As regards monetary benefit sharing, there is an urgent need to clarify the expression «available without restriction,» which defines who has to pay mandatory benefit-sharing and who is exempt. This should be done by keeping in mind the needs of on-farm breeding. In accordance with such line of arguments, varieties protected in accordance with 1991 UPOV-type legislation or by widespread technical restrictions could also incur benefit-sharing payments. This solution could simplify monitoring compliance with benefit sharing and broaden the amount of resources that are made available to the Benefit-sharing Fund. In addition, the SMTA’s provision, that prohibits IPRs on PGRFA and their genetic part or components in the form received from the Multilateral System, also needs clarification and subsequent implementation. Therefore the Governing Body should:

· clarify the application of relevant SMTA’s provisions and fence off the public domain status of materials in the Multilateral System;

· spell out the critical distinction between restrictions that may derive from the patenting of MLS materials per se, which would violate the SMTA, and all other patent-related restrictions that can trigger benefit sharing;

· clarify that:
o patents that cover PGRFA products under current IP laws should be presumed to restrict access for research and breeding and fulfil the relevant benefit-sharing requirement of the SMTA;

o 1991 UPOV-type plant variety protection impedes informal exchange and sale of seeds, and it reduces opportunities for on-farm breeding, varietal improvement and selection by farmers. By doing so, UPOV 1991 also imposes restrictions on research and breeding, which takes place outside the formal seed system, and should fulfil the benefit-sharing requirement of the SMTA.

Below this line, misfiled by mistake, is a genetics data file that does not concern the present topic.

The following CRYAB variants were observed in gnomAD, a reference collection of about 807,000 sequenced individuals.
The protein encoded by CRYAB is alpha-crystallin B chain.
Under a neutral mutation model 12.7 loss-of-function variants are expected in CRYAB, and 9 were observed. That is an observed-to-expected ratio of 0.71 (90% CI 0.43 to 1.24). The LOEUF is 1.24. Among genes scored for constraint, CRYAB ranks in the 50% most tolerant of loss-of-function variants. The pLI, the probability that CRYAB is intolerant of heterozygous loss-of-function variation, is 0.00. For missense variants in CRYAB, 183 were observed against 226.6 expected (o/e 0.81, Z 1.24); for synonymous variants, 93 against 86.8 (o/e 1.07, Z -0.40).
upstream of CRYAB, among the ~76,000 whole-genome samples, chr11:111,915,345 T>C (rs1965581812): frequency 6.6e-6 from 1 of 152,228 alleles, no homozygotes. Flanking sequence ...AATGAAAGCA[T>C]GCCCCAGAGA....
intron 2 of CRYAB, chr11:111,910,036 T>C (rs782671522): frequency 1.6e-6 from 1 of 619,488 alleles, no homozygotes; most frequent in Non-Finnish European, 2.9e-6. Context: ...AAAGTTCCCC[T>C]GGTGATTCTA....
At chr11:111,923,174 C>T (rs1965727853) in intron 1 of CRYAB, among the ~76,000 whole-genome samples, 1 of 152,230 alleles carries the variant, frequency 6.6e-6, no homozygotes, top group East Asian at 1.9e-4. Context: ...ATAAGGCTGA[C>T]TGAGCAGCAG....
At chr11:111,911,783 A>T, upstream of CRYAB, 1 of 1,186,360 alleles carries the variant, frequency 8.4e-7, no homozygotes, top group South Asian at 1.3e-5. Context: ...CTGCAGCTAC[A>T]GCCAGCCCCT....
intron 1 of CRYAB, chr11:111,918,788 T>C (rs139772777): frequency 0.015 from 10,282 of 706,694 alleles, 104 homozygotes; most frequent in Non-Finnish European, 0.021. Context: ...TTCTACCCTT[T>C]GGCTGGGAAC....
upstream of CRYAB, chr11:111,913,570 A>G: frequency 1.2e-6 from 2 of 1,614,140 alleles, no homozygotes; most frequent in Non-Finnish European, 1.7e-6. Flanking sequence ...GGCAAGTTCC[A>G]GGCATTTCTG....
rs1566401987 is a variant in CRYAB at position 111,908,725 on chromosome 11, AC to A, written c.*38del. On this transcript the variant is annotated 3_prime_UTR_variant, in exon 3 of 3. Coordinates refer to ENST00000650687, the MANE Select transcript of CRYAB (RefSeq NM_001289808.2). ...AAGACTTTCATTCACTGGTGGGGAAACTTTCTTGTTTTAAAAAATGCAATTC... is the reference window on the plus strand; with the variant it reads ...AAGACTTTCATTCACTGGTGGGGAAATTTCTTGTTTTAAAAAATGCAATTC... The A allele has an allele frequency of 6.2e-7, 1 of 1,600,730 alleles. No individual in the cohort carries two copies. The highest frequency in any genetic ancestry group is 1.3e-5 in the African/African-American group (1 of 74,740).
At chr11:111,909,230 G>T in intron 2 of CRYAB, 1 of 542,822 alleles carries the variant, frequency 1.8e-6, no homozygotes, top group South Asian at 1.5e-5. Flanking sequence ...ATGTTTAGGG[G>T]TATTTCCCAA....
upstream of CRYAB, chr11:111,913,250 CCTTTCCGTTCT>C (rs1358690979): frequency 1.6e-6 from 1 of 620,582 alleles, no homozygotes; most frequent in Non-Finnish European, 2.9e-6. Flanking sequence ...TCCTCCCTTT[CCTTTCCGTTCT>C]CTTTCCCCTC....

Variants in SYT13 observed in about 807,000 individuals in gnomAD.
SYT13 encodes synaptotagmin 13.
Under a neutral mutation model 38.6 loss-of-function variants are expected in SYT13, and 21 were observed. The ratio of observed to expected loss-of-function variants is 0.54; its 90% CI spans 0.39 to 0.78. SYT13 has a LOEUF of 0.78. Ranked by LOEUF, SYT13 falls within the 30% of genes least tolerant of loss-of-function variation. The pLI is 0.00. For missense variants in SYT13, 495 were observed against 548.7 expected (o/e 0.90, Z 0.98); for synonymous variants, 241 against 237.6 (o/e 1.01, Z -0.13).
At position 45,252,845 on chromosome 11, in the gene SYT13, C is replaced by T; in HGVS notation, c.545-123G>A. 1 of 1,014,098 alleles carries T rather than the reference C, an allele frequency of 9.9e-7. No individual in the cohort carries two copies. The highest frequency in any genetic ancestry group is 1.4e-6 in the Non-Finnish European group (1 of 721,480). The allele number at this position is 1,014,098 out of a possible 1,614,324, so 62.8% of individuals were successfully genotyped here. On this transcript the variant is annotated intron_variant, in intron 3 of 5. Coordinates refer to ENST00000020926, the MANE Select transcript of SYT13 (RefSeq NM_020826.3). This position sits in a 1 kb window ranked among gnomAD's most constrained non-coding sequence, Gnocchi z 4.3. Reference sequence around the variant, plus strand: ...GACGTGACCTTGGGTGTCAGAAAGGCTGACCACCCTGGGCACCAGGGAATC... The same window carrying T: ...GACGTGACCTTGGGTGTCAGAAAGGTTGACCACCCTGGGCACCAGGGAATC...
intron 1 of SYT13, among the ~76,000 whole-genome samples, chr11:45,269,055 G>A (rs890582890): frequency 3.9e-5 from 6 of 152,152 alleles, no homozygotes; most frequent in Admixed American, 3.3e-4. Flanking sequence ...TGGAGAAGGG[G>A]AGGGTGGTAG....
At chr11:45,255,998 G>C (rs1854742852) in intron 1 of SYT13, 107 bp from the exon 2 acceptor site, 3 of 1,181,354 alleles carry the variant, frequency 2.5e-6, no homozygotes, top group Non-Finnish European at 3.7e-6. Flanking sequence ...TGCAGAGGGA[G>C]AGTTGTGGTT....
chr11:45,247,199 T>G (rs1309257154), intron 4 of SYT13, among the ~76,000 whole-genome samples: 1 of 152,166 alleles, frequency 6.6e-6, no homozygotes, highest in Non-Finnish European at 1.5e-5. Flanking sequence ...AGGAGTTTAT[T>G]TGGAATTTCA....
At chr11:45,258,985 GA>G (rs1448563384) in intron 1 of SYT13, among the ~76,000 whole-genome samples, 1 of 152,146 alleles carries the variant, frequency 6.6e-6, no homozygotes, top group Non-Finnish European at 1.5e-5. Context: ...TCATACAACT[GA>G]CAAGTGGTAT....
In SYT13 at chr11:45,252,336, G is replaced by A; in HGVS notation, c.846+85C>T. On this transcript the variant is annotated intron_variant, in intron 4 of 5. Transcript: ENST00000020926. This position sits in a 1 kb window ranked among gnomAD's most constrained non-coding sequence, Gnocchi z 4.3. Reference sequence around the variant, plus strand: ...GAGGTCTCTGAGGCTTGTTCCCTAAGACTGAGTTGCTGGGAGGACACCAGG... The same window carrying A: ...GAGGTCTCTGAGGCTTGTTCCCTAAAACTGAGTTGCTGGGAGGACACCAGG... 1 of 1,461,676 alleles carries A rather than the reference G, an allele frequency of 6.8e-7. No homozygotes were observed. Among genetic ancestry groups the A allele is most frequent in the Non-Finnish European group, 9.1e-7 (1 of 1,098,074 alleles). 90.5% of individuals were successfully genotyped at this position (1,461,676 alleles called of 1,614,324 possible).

o there are already technical means in widespread use that are restricting the access to PGRFA for research and breeding (e.g. CMS-Hybrids), and would therefore fulfil the benefit-sharing requirement of the SMTA.

A possible way to enhance transparency and the mutual supportiveness between the Nagoya Protocol and the ITPGRFA would be to amend the SMTA in order to request recipients to disclose, at plant variety protection and patent offices, that the materials for which protection is sought have been obtained from the Multilateral System, and to inform the Governing Body accordingly. The disclosure of legal access from the MLS and the related notifications should include a quote of the accessions’ unique identifier numbers. Parties that endeavour to implement the Treaty and the Nagoya Protocol in a mutually supportive manner may envisage using the SMTA as an internationally-recognized certificate of compliance to be presented by resource users at all relevant checkpoints. We finally recommend that the Governing Body should decide to make the annual payments on a product-by-product basis under Article 6.7 of the SMTA mandatory for all commercialized products that incorporate MLS material, regardless whether such «products» are available without restrictions.